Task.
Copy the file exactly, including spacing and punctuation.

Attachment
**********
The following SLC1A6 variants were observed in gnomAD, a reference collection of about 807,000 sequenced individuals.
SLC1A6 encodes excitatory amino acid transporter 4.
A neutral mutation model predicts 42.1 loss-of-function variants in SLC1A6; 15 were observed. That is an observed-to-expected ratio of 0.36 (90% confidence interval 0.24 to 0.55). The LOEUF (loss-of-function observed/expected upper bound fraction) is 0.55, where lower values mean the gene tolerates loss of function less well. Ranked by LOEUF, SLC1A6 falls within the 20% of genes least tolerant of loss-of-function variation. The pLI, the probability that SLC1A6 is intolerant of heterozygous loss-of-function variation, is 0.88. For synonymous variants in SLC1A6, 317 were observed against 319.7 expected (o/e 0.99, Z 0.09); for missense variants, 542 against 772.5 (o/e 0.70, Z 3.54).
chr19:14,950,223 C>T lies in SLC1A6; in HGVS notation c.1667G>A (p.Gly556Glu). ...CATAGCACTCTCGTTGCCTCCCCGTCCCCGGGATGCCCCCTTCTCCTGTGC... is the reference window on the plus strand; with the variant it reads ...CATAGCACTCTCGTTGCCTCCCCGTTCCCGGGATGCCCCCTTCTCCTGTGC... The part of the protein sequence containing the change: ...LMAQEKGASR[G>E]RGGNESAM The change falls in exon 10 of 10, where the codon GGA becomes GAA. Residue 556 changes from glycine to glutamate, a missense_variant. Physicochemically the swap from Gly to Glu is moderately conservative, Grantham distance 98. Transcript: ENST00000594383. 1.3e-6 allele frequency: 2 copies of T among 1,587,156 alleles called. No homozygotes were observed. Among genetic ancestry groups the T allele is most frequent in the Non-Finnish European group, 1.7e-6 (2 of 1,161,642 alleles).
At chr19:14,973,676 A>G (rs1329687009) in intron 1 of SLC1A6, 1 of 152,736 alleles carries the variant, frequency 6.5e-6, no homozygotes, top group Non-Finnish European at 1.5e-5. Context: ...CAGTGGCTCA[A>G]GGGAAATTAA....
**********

The following SLC1A6 variants were observed in gnomAD, a reference collection of about 807,000 sequenced individuals.
SLC1A6 encodes excitatory amino acid transporter 4.
A neutral mutation model predicts 42.1 loss-of-function variants in SLC1A6; 15 were observed. That is an observed-to-expected ratio of 0.36 (90% confidence interval 0.24 to 0.55). The LOEUF (loss-of-function observed/expected upper bound fraction) is 0.55, where lower values mean the gene tolerates loss of function less well. Ranked by LOEUF, SLC1A6 falls within the 20% of genes least tolerant of loss-of-function variation. The pLI, the probability that SLC1A6 is intolerant of heterozygous loss-of-function variation, is 0.88. For synonymous variants in SLC1A6, 317 were observed against 319.7 expected (o/e 0.99, Z 0.09); for missense variants, 542 against 772.5 (o/e 0.70, Z 3.54).
chr19:14,950,223 C>T lies in SLC1A6; in HGVS notation c.1667G>A (p.Gly556Glu). ...CATAGCACTCTCGTTGCCTCCCCGTCCCCGGGATGCCCCCTTCTCCTGTGC... is the reference window on the plus strand; with the variant it reads ...CATAGCACTCTCGTTGCCTCCCCGTTCCCGGGATGCCCCCTTCTCCTGTGC... The part of the protein sequence containing the change: ...LMAQEKGASR[G>E]RGGNESAM The change falls in exon 10 of 10, where the codon GGA becomes GAA. Residue 556 changes from glycine to glutamate, a missense_variant. Physicochemically the swap from Gly to Glu is moderately conservative, Grantham distance 98. Transcript: ENST00000594383. 1.3e-6 allele frequency: 2 copies of T among 1,587,156 alleles called. No homozygotes were observed. Among genetic ancestry groups the T allele is most frequent in the Non-Finnish European group, 1.7e-6 (2 of 1,161,642 alleles).
At chr19:14,973,676 A>G (rs1329687009) in intron 1 of SLC1A6, 1 of 152,736 alleles carries the variant, frequency 6.5e-6, no homozygotes, top group Non-Finnish European at 1.5e-5. Context: ...CAGTGGCTCA[A>G]GGGAAATTAA....